But I think I understood that this was a matter of pride: he would want Mom to see how seriously he’d taken his extra responsibilities while she was away. So I sat still and refrained from grumbling. When he got part of the way finished with a braid and realized he needed to start over, I groaned silently. This happened more than once. When he was all done and I looked in the mirror, it was clear that this was not a standard-issue pair of braids. These had more of the “loose and casual” look. But braids they were, and I thanked him roundly for making them, considering how determined and unflagging his efforts had been.

When we greeted both Mom and baby sister, I was just sure she’d notice my droopy braids and say something. Or maybe she’d just give me a knowing look, from one insider to another. But she didn’t. Apparently, their irregular appearance hadn’t fazed her one bit.

Once again, in my cluelessness, I would miss the real deal and merely perceive the obvious. Sigh. What my dad had actually communicated in that act (which I unfortunately experienced as mild torture) was a care and concern far beyond the call of duty. He wanted to present his children to his wife in fine form — no second class, half-hearted attempt, but an all-out effort. I think he hoped it would say how much he loved her, how much he appreciated all that she did for the family, and how devoted he was to us children, as well.

At the time, though, I figured Mom’s silence was because she was just caught up in the excitement of coming home with the new little bundle and didn’t notice. But reflecting on it now, I’m persuaded that she, being savvy to his motive and intent, and understanding the extreme patience that would have been required on his part (this was a man with hands as thick as two-by-fours, attempting to manipulate little strands of fine hair into a semblance of a braid!), deemed it a tender tribute. Her appreciation of his loving gesture would quell any mention of the sag in my hairdo.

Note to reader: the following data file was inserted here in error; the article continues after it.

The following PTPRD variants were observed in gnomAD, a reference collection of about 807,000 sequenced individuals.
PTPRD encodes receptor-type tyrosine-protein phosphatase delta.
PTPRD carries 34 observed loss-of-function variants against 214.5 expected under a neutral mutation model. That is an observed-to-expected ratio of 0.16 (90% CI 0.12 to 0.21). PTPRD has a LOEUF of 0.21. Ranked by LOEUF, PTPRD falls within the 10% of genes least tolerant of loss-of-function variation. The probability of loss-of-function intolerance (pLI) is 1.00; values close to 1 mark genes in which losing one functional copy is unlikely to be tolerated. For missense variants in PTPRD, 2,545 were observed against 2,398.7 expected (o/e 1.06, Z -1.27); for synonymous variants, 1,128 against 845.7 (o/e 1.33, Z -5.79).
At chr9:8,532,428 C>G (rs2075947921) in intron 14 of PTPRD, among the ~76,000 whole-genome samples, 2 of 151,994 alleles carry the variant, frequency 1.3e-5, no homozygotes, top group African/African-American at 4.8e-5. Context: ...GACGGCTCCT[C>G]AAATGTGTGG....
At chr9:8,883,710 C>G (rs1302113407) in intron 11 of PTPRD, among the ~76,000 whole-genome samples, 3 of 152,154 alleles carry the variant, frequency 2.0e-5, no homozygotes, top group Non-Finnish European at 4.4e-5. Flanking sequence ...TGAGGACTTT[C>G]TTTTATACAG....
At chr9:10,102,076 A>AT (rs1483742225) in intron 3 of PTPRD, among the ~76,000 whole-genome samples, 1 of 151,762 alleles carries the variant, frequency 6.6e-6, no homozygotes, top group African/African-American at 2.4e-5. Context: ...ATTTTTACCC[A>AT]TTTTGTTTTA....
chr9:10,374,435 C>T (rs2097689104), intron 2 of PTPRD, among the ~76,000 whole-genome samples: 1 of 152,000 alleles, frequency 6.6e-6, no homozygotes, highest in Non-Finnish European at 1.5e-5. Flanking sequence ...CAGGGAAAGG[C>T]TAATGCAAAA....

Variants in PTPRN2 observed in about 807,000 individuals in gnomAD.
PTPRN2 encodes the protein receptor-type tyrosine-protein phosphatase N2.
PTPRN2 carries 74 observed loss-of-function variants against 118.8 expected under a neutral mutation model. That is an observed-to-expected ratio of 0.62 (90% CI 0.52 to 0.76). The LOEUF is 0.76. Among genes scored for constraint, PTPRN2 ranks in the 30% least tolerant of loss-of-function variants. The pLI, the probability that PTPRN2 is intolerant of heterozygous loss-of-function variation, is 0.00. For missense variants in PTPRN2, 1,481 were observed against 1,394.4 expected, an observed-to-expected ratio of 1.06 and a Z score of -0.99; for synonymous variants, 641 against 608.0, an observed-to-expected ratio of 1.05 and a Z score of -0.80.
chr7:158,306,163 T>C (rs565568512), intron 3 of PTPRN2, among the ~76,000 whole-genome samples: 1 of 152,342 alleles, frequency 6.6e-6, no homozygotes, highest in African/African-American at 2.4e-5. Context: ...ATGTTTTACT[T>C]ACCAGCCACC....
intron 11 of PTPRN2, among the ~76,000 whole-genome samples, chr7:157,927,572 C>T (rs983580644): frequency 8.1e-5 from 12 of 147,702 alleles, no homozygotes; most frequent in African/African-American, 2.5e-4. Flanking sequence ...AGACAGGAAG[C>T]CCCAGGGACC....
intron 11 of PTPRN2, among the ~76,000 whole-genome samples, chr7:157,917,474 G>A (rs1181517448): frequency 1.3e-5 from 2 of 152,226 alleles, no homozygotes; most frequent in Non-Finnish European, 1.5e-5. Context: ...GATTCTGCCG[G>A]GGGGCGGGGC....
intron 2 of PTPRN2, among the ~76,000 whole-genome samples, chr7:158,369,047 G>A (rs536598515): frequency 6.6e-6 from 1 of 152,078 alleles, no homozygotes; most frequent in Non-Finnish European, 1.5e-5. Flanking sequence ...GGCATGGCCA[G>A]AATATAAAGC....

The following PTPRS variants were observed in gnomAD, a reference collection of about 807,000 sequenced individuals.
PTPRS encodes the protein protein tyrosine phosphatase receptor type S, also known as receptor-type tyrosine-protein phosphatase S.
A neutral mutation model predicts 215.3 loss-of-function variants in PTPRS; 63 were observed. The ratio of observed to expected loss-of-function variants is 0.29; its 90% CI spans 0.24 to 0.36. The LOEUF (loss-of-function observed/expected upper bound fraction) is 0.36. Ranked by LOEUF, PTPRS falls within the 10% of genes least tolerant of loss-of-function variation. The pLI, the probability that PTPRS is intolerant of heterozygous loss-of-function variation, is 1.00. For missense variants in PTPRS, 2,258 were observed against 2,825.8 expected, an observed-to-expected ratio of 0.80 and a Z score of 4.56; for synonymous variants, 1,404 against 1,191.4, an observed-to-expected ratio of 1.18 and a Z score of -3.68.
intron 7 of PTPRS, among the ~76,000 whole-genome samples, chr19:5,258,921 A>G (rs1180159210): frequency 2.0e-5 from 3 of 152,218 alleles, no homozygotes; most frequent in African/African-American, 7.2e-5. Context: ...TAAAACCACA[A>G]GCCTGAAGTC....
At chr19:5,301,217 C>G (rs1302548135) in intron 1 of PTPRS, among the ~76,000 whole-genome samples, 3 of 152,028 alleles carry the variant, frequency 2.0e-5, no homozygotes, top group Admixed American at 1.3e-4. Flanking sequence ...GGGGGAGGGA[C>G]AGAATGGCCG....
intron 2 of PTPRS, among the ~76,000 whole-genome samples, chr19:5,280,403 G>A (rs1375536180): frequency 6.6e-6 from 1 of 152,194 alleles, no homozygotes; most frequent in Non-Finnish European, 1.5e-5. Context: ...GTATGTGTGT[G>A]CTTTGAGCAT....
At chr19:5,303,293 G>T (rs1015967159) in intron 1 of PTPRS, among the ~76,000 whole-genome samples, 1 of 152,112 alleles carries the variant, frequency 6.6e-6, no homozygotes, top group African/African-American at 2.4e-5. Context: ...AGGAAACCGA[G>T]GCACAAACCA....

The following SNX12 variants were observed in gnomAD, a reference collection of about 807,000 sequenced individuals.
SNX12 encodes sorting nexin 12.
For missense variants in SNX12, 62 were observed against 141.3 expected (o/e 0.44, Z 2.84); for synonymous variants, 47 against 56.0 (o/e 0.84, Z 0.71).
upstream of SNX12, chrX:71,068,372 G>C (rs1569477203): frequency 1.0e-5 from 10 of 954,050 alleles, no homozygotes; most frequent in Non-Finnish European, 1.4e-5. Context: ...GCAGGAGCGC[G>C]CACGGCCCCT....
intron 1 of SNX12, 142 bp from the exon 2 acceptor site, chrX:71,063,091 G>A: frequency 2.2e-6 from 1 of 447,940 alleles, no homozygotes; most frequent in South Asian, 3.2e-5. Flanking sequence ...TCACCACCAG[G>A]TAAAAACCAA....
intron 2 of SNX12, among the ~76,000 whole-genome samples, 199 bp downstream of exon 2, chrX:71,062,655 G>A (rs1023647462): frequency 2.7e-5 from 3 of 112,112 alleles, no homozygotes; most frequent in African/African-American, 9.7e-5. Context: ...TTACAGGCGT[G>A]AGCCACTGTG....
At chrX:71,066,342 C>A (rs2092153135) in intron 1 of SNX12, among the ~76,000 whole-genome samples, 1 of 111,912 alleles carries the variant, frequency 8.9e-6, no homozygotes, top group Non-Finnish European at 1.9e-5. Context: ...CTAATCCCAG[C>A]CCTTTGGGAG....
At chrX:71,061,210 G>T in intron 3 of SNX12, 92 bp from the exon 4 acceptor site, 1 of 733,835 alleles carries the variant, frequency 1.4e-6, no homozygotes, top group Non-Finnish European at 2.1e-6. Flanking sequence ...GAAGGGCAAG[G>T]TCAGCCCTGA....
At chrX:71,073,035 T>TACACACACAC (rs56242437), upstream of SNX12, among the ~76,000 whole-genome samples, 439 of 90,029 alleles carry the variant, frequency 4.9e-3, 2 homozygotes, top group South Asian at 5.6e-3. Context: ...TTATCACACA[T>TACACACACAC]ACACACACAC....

And so I spent the rest of the day with my hair just the way it was; I, for sure, wasn’t going to mention it if she hadn’t noticed. But the next morning I headed straight to her bedside, comb in hand, eager to get things back to normal.

My head never felt so good.



When I was a first grader at School #47, my dad was elected president of the PTA. I thought this was pretty heady stuff: getting extra attention from my homeroom teacher, seeing his name in newsletters and announcements that went home in book bags, and feeling like our family was at the center of what was “happening” at my school.

One memorable event the PTA sponsored that year was to stage a comedy revue. My parents were in several of the skits which I remember them practicing at home. Mom was to do a Phyllis Diller routine about stuffing a turkey for Thanksgiving, and she and Dad were to do a send-up of a popular talk show. There was another skit my dad would be in with the principal of the school. Dad was to play the part of a very near-sighted tailor and the school principal was to play the part of a customer who would come for alterations to his suit.